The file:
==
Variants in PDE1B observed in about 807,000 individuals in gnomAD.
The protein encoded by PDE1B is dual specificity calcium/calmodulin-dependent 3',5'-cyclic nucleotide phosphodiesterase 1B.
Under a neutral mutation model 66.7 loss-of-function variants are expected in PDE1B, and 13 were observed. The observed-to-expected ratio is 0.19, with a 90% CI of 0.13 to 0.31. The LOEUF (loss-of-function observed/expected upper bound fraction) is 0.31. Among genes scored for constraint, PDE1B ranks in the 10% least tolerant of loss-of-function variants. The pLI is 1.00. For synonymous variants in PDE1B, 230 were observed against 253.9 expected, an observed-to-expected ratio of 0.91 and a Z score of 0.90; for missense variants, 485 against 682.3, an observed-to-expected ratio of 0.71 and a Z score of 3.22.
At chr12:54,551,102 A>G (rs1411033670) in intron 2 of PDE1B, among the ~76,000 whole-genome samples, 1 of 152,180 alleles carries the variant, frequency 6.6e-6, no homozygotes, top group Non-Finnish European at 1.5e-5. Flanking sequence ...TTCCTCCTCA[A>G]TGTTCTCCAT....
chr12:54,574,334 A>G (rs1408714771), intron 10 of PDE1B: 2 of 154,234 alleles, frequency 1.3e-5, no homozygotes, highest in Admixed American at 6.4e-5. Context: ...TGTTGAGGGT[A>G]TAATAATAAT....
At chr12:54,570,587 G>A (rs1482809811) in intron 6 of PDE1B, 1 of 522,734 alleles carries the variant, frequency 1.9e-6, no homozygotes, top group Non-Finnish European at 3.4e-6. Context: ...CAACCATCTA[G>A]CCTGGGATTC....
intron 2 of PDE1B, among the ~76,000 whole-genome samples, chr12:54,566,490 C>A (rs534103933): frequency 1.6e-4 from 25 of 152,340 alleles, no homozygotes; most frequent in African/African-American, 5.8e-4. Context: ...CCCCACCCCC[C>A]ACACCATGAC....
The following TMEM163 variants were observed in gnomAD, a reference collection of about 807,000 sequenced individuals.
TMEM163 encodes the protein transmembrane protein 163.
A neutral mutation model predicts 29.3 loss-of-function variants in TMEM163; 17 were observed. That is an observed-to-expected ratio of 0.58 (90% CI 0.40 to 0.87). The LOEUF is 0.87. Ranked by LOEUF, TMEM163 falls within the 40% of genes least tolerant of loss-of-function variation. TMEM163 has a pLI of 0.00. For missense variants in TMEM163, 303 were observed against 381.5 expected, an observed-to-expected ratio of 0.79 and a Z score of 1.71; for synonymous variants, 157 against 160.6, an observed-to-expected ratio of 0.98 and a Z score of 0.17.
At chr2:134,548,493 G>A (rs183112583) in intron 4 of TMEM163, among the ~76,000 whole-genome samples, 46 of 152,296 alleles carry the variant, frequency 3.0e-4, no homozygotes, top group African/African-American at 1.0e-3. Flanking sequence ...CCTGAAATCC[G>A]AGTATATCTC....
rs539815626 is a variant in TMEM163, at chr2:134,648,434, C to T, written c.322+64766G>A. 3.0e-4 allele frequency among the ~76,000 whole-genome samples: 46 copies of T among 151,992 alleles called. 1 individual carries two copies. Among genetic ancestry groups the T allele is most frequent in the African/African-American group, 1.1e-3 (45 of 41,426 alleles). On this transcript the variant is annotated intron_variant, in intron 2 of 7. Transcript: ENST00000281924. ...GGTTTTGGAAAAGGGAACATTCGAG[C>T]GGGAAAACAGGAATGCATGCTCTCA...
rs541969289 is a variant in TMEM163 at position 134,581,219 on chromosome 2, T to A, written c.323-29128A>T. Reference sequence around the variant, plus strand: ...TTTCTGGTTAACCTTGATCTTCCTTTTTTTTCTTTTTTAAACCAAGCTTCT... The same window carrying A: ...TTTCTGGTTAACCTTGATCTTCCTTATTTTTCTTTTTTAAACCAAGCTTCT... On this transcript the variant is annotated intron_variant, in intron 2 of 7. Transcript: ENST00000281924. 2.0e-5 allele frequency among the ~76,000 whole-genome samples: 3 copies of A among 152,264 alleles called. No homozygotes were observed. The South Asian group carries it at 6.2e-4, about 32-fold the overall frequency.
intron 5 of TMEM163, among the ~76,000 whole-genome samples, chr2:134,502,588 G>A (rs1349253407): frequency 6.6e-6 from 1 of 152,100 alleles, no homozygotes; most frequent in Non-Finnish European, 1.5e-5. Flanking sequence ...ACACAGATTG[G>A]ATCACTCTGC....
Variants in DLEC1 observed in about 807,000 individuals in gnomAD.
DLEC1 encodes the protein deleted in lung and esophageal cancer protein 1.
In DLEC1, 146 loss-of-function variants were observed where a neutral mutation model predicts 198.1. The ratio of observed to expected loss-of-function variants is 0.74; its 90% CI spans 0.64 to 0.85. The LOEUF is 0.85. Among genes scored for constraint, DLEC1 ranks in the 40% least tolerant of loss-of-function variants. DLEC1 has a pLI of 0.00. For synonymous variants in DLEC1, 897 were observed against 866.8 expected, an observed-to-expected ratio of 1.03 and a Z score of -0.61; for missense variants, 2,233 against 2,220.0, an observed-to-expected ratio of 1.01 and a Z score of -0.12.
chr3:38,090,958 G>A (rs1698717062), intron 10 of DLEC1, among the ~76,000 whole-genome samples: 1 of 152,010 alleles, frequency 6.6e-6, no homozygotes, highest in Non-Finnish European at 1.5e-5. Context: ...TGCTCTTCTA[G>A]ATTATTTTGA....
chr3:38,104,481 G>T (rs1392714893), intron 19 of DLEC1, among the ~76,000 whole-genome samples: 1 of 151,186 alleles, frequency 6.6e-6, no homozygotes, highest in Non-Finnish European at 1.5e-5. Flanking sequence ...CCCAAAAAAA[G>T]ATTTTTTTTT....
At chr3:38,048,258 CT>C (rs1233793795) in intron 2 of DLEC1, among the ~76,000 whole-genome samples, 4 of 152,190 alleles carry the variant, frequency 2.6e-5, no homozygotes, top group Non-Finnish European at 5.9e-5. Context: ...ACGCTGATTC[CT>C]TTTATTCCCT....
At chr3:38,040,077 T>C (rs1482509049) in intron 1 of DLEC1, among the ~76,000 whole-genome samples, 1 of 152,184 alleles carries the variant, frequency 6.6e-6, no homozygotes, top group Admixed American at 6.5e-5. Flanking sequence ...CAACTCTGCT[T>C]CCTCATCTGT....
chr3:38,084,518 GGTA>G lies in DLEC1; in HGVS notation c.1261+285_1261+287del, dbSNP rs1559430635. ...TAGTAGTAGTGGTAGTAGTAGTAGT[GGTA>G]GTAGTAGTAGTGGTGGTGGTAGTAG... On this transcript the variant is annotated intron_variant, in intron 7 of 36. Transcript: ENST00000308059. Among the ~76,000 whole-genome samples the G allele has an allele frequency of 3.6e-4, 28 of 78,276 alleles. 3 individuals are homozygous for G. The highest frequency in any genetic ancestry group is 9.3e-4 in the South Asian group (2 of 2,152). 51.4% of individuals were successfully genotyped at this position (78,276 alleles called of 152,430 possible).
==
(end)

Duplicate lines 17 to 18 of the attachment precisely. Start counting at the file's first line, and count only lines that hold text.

In DLEC1, 146 loss-of-function variants were observed where a neutral mutation model predicts 198.1. The ratio of observed to expected loss-of-function variants is 0.74; its 90% CI spans 0.64 to 0.85. The LOEUF is 0.85. Among genes scored for constraint, DLEC1 ranks in the 40% least tolerant of loss-of-function variants. DLEC1 has a pLI of 0.00. For synonymous variants in DLEC1, 897 were observed against 866.8 expected, an observed-to-expected ratio of 1.03 and a Z score of -0.61; for missense variants, 2,233 against 2,220.0, an observed-to-expected ratio of 1.01 and a Z score of -0.12.
chr3:38,090,958 G>A (rs1698717062), intron 10 of DLEC1, among the ~76,000 whole-genome samples: 1 of 152,010 alleles, frequency 6.6e-6, no homozygotes, highest in Non-Finnish European at 1.5e-5. Context: ...TGCTCTTCTA[G>A]ATTATTTTGA....